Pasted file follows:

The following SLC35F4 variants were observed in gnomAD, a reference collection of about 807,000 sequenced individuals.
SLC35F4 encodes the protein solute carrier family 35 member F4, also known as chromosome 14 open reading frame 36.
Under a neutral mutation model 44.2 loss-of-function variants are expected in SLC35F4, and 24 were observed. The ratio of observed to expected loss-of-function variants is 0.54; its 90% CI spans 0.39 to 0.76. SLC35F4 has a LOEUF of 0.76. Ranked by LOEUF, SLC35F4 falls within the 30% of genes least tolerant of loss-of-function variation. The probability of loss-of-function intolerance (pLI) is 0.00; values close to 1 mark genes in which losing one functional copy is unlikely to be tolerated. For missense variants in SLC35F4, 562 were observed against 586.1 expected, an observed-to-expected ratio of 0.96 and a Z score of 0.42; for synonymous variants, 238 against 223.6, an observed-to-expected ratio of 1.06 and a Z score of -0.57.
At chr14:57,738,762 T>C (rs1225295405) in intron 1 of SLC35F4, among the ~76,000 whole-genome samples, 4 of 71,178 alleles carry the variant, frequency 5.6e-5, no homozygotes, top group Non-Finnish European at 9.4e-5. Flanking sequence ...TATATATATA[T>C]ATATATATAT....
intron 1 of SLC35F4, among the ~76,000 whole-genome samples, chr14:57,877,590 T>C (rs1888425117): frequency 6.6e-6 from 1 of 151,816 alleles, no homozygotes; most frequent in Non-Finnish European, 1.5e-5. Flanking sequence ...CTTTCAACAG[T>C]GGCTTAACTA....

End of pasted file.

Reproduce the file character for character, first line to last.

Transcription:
The following SLC35F4 variants were observed in gnomAD, a reference collection of about 807,000 sequenced individuals.
SLC35F4 encodes the protein solute carrier family 35 member F4, also known as chromosome 14 open reading frame 36.
Under a neutral mutation model 44.2 loss-of-function variants are expected in SLC35F4, and 24 were observed. The ratio of observed to expected loss-of-function variants is 0.54; its 90% CI spans 0.39 to 0.76. SLC35F4 has a LOEUF of 0.76. Ranked by LOEUF, SLC35F4 falls within the 30% of genes least tolerant of loss-of-function variation. The probability of loss-of-function intolerance (pLI) is 0.00; values close to 1 mark genes in which losing one functional copy is unlikely to be tolerated. For missense variants in SLC35F4, 562 were observed against 586.1 expected, an observed-to-expected ratio of 0.96 and a Z score of 0.42; for synonymous variants, 238 against 223.6, an observed-to-expected ratio of 1.06 and a Z score of -0.57.
At chr14:57,738,762 T>C (rs1225295405) in intron 1 of SLC35F4, among the ~76,000 whole-genome samples, 4 of 71,178 alleles carry the variant, frequency 5.6e-5, no homozygotes, top group Non-Finnish European at 9.4e-5. Flanking sequence ...TATATATATA[T>C]ATATATATAT....
intron 1 of SLC35F4, among the ~76,000 whole-genome samples, chr14:57,877,590 T>C (rs1888425117): frequency 6.6e-6 from 1 of 151,816 alleles, no homozygotes; most frequent in Non-Finnish European, 1.5e-5. Flanking sequence ...CTTTCAACAG[T>C]GGCTTAACTA....